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The labor of the man of God, in the congregation or the community, ought to be paternal through and through. “For though ye have ten thousand instructors in Christ, yet have ye not many fathers: for in Christ Jesus I have begotten you through the gospel” (1 Cor. 4:15; cf. Larger Catechism 124). He must be strong and steady, a visionary, yet eminently practical. He must patient, but ever pushing and pulling. He must be sensitive to the true needs and worthy feelings of the people, yet not obsequiously over-indulgent to their every whim.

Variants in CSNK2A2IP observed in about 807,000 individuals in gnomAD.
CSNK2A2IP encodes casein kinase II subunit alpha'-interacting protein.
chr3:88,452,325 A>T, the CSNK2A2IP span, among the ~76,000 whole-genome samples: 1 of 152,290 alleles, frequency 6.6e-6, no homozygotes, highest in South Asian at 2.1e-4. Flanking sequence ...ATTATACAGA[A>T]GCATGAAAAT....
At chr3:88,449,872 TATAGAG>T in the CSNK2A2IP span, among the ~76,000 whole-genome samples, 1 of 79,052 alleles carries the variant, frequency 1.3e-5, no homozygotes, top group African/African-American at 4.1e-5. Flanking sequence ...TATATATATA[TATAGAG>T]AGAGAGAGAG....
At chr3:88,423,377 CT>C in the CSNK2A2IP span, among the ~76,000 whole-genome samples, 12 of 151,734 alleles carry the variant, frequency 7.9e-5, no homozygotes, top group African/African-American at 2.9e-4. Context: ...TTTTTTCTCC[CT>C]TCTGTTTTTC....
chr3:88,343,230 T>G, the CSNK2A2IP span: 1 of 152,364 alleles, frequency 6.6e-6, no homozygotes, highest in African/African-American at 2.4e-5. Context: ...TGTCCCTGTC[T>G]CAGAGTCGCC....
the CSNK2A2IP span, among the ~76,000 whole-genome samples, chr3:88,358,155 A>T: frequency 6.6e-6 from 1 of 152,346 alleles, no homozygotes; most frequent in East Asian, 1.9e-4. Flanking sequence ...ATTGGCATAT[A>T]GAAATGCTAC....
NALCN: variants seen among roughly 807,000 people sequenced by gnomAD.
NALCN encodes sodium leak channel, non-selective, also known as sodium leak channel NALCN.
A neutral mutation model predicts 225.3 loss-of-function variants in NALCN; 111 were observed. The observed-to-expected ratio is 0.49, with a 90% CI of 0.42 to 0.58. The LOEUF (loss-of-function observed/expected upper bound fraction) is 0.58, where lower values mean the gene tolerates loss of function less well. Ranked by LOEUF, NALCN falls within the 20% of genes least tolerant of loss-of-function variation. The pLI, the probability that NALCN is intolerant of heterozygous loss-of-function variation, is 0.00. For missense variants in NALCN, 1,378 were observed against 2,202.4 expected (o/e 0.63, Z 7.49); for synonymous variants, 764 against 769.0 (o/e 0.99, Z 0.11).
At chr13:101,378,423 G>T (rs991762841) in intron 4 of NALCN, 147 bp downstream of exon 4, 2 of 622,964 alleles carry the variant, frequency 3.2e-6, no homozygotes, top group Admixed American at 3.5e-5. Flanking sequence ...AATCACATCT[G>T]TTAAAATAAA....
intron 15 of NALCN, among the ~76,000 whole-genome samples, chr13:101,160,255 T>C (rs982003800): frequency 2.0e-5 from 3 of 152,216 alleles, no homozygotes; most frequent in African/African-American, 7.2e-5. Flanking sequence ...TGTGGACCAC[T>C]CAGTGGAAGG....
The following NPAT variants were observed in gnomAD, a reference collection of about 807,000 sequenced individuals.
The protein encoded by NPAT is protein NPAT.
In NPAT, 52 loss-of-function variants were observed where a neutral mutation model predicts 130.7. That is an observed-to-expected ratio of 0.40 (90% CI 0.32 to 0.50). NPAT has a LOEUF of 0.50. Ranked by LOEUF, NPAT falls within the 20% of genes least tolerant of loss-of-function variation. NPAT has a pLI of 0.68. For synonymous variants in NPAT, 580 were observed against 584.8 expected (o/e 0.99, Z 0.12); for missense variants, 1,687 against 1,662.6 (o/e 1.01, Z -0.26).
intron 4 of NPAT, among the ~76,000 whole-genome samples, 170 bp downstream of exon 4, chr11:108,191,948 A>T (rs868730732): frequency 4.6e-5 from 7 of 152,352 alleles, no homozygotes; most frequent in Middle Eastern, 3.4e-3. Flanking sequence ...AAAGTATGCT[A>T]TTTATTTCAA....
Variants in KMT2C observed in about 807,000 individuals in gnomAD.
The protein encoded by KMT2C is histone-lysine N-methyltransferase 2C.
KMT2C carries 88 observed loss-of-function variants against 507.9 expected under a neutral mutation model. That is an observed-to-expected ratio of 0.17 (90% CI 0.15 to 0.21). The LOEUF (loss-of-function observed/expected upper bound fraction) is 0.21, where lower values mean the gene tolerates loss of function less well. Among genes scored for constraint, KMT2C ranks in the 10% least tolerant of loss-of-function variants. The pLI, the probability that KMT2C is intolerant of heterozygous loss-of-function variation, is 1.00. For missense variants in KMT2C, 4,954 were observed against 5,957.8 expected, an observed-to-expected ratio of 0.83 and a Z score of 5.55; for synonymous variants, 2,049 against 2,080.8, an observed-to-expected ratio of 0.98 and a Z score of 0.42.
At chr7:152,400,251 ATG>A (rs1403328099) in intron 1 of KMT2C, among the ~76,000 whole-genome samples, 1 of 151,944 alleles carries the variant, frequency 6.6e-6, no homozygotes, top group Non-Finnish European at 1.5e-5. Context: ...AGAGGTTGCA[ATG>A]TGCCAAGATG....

Tragically, too much of modern ministry fails to live up to this ideal. While the clergy have in the past sometimes been too harsh and overbearing, the pendulum has swung quite the opposite direction. The modern pastor-coach is in the worst case an effeminate nothing. He cannot command true respect. Only fleeting popularity from the herd.

The following passage from Thomas Chalmers reveals just how timeless the unfatherly pastor is – and how dignified the ideal. O Lord, make us those men.  Our Father, make us fathers!